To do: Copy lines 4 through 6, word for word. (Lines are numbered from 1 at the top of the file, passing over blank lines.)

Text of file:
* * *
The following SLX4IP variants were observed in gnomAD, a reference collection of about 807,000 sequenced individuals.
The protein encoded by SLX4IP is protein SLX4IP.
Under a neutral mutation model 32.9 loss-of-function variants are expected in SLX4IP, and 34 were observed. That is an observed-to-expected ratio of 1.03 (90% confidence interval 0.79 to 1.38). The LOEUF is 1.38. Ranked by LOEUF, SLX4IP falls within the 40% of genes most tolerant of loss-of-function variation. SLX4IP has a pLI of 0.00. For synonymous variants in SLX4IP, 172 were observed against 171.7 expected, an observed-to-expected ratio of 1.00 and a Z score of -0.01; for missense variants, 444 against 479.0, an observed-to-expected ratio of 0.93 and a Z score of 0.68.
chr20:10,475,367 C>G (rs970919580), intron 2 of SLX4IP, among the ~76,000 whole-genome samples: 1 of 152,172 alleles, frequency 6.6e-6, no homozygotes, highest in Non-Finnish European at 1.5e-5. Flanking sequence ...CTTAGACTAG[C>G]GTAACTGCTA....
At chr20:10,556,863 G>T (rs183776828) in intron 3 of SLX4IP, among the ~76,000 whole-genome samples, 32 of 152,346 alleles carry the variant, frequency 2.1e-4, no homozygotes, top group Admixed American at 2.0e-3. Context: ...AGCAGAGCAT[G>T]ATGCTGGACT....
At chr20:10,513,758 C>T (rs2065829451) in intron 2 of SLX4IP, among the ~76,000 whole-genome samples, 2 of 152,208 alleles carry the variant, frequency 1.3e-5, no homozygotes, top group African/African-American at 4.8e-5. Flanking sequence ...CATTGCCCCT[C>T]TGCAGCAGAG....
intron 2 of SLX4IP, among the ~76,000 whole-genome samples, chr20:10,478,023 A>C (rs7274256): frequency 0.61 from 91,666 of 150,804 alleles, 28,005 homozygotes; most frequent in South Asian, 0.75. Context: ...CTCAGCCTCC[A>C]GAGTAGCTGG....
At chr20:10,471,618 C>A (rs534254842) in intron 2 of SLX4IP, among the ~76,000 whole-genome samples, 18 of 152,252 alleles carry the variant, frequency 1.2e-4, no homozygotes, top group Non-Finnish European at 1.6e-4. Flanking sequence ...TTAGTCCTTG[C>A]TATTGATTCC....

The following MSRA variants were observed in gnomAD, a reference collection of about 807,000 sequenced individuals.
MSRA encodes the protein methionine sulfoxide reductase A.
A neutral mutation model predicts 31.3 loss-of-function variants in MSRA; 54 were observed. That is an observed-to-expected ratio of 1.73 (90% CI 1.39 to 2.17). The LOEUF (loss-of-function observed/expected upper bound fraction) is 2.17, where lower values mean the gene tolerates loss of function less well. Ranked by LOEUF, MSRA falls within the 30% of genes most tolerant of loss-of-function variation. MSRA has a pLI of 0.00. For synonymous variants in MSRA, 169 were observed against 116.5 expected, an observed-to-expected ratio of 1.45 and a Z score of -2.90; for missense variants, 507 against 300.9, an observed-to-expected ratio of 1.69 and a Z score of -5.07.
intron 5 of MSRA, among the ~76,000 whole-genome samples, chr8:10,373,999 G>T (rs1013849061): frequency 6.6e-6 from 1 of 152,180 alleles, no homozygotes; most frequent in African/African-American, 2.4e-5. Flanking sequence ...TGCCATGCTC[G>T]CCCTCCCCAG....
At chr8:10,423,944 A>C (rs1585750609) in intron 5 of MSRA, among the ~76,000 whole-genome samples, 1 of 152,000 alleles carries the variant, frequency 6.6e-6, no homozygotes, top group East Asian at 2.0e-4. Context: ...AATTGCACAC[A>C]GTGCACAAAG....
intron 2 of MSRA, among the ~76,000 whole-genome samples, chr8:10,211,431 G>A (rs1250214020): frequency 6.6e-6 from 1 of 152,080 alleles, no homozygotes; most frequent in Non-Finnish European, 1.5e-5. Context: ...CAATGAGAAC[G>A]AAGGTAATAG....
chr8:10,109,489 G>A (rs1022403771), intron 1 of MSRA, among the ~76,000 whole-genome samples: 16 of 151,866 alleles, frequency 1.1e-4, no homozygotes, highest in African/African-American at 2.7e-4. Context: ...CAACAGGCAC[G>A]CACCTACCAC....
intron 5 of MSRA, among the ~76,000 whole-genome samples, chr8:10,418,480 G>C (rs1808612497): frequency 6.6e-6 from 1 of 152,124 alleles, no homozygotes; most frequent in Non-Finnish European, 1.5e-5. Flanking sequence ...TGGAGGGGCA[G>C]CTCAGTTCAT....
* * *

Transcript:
chr20:10,475,367 C>G (rs970919580), intron 2 of SLX4IP, among the ~76,000 whole-genome samples: 1 of 152,172 alleles, frequency 6.6e-6, no homozygotes, highest in Non-Finnish European at 1.5e-5. Flanking sequence ...CTTAGACTAG[C>G]GTAACTGCTA....
At chr20:10,556,863 G>T (rs183776828) in intron 3 of SLX4IP, among the ~76,000 whole-genome samples, 32 of 152,346 alleles carry the variant, frequency 2.1e-4, no homozygotes, top group Admixed American at 2.0e-3. Context: ...AGCAGAGCAT[G>T]ATGCTGGACT....
At chr20:10,513,758 C>T (rs2065829451) in intron 2 of SLX4IP, among the ~76,000 whole-genome samples, 2 of 152,208 alleles carry the variant, frequency 1.3e-5, no homozygotes, top group African/African-American at 4.8e-5. Flanking sequence ...CATTGCCCCT[C>T]TGCAGCAGAG....